• In this case, was it the intention of both parties that the cotton should not be delivered, or was it their purpose to conceal, in the deceptive terms of a fair and lawful contract of sale, a gambling deal, or transaction, by which they contemplated no real bargain as to the article agreed to be delivered? If so, the contract is void. Holt v. Wellons, 163 N. C., 124. We said in that case: “Of course, the law deals only with realities and not appearances — the substance and not the shadow. It will not be misled by a mere pretense, but strips a transaction of its artificial disguise in order to reveal its true character. It goes beneath the false and deceitful presentment to discover what the parties actually intended and agreed, knowing that The knave counterfeits well — a good knave.’ It always rejects the ostensible for the real in looking for fraud or a violation of law. The essential inquiry, therefor, in every case is as to the necessary effect of the contract and its true purpose.” See, also, Harvey v. Pettaway, 156 N. C., 375, and numerous cases cited therein. A proper form of the issue in cases like this one is suggested in Rankin v. Mitchem, 141 N. C. at p. 281.
Another question is, can plaintiff recover upon the note if it was given in payment of margins.due on contracts ostensibly for the sale of -cotton, but really with no intention of a delivery?
It is said in Embrey v. Jamison, 131 U. S., 347: “While there are authorities that seem to support the position taken by the defendant in error, we are of opinion that, upon principle, the original payee cannot maintain an action on a note the consideration of which is money advanced by him upon or in execution of a contract of wager, he being a party to that contract, or having directly participated in the making of it in the name or on behalf of one of the parties.” That case was cited with approval in Garseed v. Sternberger, 135, N. C., 502, where it was held: “If a broker or other agent is employed to carry out an illegal transaction, and is privy to the unlawful design, and by virtue of his employment performs services, makes disbursements, suffers losses, or incurs liabilities, he has no remedy against his principal. Not only is this true, but it has been held that any express promise made by the principal to reimburse him is void, citing Embrey v. Jamison and other cases. Both cases were approved in Burrus v. Witcover, 158 N. C., 384, with a full discussion by Justice Allen.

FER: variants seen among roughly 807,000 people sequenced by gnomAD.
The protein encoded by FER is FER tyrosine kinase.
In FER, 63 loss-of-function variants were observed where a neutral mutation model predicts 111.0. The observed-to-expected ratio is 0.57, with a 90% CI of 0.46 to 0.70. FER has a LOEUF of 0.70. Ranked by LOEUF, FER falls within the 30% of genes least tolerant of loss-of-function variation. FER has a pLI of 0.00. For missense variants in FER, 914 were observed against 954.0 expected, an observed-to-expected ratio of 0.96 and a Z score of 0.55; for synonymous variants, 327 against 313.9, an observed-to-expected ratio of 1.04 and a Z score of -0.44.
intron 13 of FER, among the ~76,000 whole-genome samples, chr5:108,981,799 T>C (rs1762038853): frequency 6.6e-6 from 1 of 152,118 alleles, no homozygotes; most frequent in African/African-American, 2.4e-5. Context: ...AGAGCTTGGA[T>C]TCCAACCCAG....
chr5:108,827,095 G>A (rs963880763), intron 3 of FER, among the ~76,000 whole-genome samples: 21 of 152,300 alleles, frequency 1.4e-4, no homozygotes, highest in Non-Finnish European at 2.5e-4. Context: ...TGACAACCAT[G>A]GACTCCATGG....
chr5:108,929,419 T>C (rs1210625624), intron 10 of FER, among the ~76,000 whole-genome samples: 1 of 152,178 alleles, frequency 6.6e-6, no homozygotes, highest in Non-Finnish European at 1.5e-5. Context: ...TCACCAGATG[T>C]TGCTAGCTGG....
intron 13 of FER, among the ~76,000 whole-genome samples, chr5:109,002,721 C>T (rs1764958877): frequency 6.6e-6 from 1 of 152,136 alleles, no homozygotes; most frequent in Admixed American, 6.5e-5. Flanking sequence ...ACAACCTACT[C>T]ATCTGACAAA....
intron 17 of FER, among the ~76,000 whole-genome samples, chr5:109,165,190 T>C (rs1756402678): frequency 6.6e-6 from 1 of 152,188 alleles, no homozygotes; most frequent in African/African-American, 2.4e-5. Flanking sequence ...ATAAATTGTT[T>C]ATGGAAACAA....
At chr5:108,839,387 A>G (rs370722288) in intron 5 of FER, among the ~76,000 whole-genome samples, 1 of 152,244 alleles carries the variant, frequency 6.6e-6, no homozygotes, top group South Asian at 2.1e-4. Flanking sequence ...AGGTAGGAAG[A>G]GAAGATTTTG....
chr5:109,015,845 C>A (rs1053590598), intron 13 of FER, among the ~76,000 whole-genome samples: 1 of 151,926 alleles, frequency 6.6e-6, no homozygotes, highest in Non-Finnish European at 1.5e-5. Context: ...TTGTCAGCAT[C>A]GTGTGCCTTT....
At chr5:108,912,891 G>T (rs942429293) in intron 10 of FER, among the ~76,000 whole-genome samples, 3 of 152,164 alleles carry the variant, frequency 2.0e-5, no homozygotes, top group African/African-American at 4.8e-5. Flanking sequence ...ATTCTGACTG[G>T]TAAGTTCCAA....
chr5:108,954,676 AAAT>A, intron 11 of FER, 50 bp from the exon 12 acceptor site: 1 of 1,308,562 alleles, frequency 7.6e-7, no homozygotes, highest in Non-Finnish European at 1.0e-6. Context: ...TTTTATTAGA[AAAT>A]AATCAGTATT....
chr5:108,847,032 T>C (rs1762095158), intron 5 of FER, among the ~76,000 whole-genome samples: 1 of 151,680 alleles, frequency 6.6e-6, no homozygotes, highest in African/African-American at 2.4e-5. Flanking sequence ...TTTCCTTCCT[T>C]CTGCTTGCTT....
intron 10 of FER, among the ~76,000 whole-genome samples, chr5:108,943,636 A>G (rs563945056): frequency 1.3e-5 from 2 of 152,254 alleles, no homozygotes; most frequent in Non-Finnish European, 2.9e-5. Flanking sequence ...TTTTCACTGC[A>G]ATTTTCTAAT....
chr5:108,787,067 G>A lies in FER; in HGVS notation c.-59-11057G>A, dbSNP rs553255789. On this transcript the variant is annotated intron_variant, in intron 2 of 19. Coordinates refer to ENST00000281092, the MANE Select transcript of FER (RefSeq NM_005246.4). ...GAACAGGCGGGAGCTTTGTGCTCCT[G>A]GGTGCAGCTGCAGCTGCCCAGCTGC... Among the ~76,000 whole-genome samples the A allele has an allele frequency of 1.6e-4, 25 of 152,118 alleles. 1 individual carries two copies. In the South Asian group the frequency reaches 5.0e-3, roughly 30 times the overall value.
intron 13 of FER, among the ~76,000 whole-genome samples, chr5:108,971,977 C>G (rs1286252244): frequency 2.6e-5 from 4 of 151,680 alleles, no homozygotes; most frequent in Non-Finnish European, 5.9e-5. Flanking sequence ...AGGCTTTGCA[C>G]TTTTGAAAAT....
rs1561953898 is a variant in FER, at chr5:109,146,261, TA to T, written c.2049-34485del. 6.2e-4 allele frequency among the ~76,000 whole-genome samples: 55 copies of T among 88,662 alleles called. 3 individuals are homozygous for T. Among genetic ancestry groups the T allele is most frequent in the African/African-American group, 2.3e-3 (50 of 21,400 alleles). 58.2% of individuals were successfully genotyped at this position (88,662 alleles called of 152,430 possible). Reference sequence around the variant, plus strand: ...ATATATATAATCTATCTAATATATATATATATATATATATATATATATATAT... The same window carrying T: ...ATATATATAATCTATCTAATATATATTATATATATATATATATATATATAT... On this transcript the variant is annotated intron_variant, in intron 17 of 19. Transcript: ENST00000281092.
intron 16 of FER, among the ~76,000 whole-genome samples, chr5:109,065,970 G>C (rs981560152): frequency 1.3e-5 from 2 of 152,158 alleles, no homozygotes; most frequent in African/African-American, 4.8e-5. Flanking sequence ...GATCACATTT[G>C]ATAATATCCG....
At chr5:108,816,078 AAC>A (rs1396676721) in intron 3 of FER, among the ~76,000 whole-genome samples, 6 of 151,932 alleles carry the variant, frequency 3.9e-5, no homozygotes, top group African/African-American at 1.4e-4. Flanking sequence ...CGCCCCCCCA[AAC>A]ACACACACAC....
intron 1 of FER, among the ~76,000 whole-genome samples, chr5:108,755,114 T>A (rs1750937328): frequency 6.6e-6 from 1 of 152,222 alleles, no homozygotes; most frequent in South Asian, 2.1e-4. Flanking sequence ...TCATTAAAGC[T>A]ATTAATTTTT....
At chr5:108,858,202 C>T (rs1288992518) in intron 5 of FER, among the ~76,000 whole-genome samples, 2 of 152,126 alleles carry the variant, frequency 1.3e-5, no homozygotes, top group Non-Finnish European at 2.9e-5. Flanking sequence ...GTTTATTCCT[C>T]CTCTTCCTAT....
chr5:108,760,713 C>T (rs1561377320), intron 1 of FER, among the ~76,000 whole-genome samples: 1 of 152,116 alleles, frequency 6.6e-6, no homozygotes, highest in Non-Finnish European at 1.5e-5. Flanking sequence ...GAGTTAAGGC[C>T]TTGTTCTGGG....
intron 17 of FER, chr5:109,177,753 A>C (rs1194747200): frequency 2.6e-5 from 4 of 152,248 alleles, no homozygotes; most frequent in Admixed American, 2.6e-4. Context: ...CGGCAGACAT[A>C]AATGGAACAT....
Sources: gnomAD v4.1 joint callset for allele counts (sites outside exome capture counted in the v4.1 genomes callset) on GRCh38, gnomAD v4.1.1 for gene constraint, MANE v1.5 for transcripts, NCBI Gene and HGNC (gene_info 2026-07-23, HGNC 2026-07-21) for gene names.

If the jury believed the evidence as it now is, and found the facts to be in accordance with it, defendant was entitled to their verdict *235 (Holt v. Wellons, 163 N. C., at p. 130), and failed to receive it, perhaps, because the jury were not informed as to the law. Errors in rulings upon the admission and exclusion’ of testimony were alleged, but they need not be noticed.
Repetitions of the promise to pay it did not impart any validity to the note. It was just as void as before, if the consideration was margins due on “futures,” or gambling contracts, plaintiff being a party to the original transaction and note and continuing as such. Cobb v. Guthrie, 160 N. C., 313; Garseed v. Sternberger, supra; Burns v. Tomlinson, 147 N. C., 645; Burrus v. Witcover, supra.
There was material error in the charge.